Due to the fact that corporate environmental reporting (CER) is largely voluntary and unregulated, practice has evolved in the absence of a meaningful conceptual framework. This lack of a normative theory stating what should be the content of CER as well as the methods for measuring reported information being largely volumetric or content based, is advanced as a major limitation in the existing literature. In this study, the wellestablished conceptual frameworks for financial reporting are adapted as the basis for a CER conceptual framework in which four characteristics of CER indicate its quality. Empirical methods for the measurement of such characteristics are also adapted from the financial reporting literature.
The main aim of this research is to use the adapted framework to examine the extent of variation in the quality of CER and then to test its applicability to the key motivational theories. The empirical work involves a panel of US and UK firms over a two-year period. This allows cross-sectional comparison to be made between different financial accounting regimes (rules- vs. principles-based) as well as permits examination of the development of CER over time. Further, the empirical work is extended to investigate the interrelationship between the financial and environmental performance of a firm.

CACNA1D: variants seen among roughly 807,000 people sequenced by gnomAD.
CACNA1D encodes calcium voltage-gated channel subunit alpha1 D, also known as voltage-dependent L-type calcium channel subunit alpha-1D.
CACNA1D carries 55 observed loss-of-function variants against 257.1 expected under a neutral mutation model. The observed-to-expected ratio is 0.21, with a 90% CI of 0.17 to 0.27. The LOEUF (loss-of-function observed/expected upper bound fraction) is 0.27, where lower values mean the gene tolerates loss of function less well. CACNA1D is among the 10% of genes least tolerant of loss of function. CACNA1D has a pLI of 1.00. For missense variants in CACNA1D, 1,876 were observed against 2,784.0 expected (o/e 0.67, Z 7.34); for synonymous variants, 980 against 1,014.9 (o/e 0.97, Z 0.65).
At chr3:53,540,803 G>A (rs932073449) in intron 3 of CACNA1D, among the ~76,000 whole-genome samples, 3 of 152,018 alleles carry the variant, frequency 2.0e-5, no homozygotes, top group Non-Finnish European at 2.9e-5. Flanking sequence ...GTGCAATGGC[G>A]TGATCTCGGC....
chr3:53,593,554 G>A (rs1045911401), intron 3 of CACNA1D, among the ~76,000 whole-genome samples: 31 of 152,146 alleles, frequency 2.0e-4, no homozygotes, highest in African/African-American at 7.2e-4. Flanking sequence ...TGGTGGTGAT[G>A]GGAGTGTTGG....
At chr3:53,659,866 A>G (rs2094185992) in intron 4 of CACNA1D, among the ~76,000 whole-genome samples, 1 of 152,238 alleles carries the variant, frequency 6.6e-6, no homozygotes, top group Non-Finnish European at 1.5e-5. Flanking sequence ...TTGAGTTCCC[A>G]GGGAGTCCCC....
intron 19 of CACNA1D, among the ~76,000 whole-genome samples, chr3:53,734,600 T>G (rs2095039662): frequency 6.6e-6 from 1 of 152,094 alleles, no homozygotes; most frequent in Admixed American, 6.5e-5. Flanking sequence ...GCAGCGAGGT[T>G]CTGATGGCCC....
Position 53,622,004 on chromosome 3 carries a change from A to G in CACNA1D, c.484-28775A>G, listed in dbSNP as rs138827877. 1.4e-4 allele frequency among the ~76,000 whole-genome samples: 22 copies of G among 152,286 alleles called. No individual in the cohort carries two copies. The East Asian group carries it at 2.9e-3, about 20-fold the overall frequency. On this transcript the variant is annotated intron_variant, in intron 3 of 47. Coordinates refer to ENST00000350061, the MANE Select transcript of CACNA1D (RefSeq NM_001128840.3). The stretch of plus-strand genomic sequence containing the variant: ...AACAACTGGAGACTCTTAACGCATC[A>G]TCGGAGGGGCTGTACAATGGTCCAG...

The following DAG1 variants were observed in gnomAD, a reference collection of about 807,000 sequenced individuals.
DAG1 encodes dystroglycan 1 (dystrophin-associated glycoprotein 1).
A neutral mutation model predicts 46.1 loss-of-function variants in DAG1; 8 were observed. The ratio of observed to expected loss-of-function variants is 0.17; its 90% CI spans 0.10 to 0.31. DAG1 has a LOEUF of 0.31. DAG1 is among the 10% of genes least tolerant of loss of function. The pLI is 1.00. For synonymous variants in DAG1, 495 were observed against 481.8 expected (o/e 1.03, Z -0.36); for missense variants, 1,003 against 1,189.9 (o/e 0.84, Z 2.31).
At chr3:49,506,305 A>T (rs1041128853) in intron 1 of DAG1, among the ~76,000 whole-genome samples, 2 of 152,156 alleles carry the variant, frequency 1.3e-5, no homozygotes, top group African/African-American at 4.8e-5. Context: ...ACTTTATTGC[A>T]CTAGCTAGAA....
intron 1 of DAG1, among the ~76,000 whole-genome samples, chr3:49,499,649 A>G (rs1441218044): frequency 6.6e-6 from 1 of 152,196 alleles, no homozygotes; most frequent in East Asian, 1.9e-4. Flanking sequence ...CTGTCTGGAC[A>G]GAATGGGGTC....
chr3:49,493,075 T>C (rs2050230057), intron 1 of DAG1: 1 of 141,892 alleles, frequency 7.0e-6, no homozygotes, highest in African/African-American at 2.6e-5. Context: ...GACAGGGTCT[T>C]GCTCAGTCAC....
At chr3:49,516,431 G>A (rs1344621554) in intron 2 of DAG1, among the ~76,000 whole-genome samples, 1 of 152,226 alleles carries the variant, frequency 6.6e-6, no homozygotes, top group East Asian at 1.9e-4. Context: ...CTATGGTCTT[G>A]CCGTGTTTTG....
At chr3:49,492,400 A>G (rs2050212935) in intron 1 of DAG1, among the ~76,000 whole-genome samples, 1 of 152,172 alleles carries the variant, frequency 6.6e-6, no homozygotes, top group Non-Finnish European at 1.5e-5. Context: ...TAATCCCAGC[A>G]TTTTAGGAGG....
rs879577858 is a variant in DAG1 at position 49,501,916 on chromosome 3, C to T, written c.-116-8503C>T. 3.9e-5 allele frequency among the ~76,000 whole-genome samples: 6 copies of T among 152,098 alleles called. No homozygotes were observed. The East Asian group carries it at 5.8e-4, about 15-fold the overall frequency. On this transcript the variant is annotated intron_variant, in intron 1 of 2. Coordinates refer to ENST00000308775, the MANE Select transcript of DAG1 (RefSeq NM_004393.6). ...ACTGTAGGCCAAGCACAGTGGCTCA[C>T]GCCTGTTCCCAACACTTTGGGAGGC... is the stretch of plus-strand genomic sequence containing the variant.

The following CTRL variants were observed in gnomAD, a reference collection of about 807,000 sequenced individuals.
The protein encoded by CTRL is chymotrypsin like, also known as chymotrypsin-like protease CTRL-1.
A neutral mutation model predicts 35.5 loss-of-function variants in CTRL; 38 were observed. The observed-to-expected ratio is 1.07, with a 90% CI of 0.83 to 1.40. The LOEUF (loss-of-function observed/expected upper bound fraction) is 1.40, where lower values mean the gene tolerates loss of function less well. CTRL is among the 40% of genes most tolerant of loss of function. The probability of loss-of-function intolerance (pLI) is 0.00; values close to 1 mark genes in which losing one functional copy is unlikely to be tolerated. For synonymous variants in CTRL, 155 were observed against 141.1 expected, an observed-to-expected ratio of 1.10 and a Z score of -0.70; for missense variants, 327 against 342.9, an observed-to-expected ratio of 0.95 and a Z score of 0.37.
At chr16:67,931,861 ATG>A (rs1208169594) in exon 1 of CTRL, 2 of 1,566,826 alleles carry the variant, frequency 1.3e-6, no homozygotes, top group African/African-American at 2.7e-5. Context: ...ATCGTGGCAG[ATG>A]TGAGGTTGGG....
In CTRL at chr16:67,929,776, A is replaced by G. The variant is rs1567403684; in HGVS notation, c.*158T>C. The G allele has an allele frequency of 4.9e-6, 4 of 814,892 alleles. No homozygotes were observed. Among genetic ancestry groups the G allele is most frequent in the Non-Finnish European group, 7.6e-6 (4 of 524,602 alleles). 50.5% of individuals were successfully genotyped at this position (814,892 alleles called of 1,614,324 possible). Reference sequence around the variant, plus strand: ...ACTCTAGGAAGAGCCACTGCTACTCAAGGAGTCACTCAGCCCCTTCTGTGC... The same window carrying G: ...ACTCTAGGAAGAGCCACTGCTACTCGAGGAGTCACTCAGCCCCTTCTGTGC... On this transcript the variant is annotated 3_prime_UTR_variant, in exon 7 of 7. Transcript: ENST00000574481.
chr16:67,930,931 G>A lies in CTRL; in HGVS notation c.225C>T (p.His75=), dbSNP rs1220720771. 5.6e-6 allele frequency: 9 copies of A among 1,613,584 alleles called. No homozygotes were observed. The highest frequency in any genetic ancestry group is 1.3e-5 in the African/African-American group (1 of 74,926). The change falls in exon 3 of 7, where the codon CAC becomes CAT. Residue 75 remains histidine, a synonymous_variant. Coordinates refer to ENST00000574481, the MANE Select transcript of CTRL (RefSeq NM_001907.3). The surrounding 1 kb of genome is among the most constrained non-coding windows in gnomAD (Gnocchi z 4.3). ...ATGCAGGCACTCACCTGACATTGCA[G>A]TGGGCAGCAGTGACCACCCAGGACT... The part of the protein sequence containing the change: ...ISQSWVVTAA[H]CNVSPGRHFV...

Evidence in support of the legitimacy and institutional theory explanations for
disclosure motivations is comprehensively found through the measures of the
qualitative characteristics identified. That is, the use of a novel CER framework based on financial reporting quality here enables a more robust understanding of the reporting behaviours than previous work. Moreover, evidence for CER variation owing to the differences in financial reporting regimes is found and thus, it is reasonable to assert that the culture of financial reporting, to some extent, informs the nature of voluntary non-financial reporting. However, perhaps owing to the short time frame of the investigation, evidence of financial rewards from being environmentally effective or through providing CER is not found. The findings from this research will be of interest to preparers and users of corporate environmental reports as well as to policymakers, particularly in terms of enabling them to assess the quality of reporting and its level of fit with their expectations. Moreover, they also shed light on the link between environmental performance, as manifested in carbon emissions, and what is reported.
|Date of Award||30 Apr 2012|
|Supervisor||Philip Cooper (Supervisor)|
- environmental disclosure
- environmental reporting
- non-financial reporting
- quality of environmental reporting
- environmental reporting framework
- stakeholder theory
- legitimacy theory
- institutional theory